The substantially horizontal surface of the conveyor is, or can be, closely adjacent the one side of the vertical path.

In accordance with a preferred embodiment of the invention, the separating element includes a tip which is nearest the conveyor (i.e., which is first to penetrate into a stack on the elevator in response to movement of the pusher and separating element from the first toward the second position) and has a thickness which is a fraction of one millimeter, preferably less than 0.9 mm and most preferably approximately 0.5 millimeter. The thickness of the tip of the separating element is or can be substantially constant. The tip can have a rounded edge which confronts the conveyor, and the width of the tip and/or the adjacent front portion of the separating element can increase in the substantially horizontal plane of the separating element in a direction away from the conveyor. The separating element (or at least that portion of the separating element which penetrates into a stack on the elevator during movement of the pusher and separating element toward the second position) can consist of or include two mirror symmetrical halves.

That (front) portion of the separating element which is immediately adjacent or includes the tip can have a width of less than 61 millimeters. As stated above, the tip can have a rounded outline in the substantially horizontal plane of the separating element. The front portion of the separating element can have a substantially wedge-shaped outline in the horizontal plane of the separating element, and such front portion tapers toward the tip. The thickness of a portion of or even the entire separating element can increase gradually starting at or including the tip and proceeding in a direction away from the conveyor.

A second portion of the separating element behind the front portion is or can be much wider than the front portion, and such second portion can have rounded front edge faces which confront the conveyor and slope toward the tip at opposite sides of and behind the front portion of the separating element. The radii of curvature of the rounded front edge faces of the second portion of the separating element are preferably small, e.g., less than 0.6millimeter and most preferably between approximately 0.2 and 0.35 millimeter. This ensures ready penetration of the second portion into a stack without damaging the adjacent sheet or sheets.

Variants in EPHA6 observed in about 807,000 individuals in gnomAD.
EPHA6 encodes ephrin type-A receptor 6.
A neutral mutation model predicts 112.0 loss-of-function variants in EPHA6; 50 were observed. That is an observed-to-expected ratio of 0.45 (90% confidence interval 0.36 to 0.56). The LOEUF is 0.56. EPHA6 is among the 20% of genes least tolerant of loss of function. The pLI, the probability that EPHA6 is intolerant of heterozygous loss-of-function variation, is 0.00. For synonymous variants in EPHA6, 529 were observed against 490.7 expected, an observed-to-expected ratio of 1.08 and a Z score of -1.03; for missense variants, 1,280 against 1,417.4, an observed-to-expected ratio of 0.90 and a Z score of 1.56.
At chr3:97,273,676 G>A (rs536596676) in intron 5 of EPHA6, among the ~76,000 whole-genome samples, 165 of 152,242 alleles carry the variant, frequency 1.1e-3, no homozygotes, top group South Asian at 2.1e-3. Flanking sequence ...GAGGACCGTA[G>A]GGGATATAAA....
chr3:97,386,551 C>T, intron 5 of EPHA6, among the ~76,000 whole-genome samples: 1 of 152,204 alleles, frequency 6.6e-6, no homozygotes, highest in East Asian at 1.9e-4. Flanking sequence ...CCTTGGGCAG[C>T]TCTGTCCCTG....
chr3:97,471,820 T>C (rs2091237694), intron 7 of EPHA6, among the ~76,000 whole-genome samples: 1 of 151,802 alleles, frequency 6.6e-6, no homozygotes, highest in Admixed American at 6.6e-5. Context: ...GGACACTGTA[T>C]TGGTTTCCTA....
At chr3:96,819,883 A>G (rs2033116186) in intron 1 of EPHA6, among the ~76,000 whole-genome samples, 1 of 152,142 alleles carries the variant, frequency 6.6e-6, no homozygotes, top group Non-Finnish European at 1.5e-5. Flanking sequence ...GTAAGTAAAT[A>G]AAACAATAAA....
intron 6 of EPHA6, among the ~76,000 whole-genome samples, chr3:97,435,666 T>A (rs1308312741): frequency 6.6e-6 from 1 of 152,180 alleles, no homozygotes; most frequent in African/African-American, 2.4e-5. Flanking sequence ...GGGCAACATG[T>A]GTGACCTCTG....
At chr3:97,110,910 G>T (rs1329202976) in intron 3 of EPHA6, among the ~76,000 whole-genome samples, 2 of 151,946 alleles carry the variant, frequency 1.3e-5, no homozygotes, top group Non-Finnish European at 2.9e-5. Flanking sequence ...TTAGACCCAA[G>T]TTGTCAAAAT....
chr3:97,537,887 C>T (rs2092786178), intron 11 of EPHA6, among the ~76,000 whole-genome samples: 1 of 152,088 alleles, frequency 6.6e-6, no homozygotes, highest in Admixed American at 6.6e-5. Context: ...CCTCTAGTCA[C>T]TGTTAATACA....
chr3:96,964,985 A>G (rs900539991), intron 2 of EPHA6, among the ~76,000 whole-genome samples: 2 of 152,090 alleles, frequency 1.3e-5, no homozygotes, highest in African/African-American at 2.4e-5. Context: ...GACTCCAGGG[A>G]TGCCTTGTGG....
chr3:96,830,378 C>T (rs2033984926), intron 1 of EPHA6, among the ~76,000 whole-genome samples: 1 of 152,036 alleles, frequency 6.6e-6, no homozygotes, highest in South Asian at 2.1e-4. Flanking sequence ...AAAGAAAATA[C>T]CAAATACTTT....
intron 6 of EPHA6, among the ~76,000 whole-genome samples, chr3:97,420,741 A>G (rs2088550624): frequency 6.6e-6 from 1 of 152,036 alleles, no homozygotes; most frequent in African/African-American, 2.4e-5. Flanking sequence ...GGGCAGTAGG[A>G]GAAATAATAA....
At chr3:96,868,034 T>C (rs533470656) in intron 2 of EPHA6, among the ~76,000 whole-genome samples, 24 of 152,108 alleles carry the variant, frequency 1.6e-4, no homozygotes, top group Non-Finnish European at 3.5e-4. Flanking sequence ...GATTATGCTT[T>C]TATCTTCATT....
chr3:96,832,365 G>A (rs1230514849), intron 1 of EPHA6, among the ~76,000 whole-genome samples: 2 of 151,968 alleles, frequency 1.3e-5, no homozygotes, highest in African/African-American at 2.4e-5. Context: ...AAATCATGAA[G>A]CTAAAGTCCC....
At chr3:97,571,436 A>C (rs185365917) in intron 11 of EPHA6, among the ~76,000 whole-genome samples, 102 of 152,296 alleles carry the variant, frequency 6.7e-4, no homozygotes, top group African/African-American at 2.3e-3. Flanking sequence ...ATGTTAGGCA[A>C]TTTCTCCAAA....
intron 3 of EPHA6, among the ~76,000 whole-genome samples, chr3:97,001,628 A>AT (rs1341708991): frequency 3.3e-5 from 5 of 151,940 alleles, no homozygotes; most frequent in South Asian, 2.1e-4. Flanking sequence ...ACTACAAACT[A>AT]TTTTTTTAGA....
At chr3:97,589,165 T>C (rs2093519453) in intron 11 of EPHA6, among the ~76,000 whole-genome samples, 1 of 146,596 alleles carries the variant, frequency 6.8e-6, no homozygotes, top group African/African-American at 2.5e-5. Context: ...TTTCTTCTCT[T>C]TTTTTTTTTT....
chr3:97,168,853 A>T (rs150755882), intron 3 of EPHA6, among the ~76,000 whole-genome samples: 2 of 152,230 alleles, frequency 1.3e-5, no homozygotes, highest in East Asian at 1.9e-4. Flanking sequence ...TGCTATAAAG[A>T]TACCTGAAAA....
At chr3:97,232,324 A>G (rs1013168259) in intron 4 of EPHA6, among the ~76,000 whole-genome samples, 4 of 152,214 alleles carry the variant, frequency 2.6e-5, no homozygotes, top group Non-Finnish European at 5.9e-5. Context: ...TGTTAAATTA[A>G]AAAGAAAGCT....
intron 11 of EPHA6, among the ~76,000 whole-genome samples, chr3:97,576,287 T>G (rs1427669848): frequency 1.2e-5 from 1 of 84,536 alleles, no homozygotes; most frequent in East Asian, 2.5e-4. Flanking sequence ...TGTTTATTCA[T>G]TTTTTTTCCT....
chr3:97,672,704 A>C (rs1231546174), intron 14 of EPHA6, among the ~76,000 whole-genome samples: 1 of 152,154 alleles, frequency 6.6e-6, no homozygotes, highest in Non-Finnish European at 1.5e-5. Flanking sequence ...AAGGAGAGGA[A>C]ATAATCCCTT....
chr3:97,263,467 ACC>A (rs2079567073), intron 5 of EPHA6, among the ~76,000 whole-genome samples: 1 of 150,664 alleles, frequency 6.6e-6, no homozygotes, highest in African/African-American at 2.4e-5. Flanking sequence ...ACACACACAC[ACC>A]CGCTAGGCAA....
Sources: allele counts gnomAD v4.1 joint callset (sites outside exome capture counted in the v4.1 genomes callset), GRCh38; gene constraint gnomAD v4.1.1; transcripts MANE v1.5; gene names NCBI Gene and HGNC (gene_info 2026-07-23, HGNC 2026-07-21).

At least a portion of the external surface of the separating element is preferably polished to a high degree of finish. This term is intended to embrace standard polishing as well as lapping and like treatments which are known to impart to a surface (particularly a metallic surface) a high degree of smoothness.

The separating element can be provided with one or more suitably distributed and/or configurated channels, and the external surface of the separating element can be provided with one or more ports for each channel to discharge streamlets of a pressurized fluid (e.g., compressed air), at least while the separating element is in the process of penetrating into a stack on the elevator, so as to promote separation of the thus obtained incipent pile from the top of the remainder of the stack or from the elevator, depending upon whether the separating element has penetrated between two neighboring sheets of the stack or beneath the lowermost sheet of the remnant of a stack on the pallet of the elevator. A source of pressurized fluid can be connected to the channel or channels of the separating element by one or more flexible hoses, by telescoped tubes or in any other suitable manner if it is desired to mount the source of pressurized fluid in such a way that it need not share the reciprocatory movements of the separating element. All that counts is to ensure that the separating element can admit one or more jets of streamlets of pressurized fluid into the gap which develops as a result of penetration of the separating element into a stack or beneath a stack on the elevator.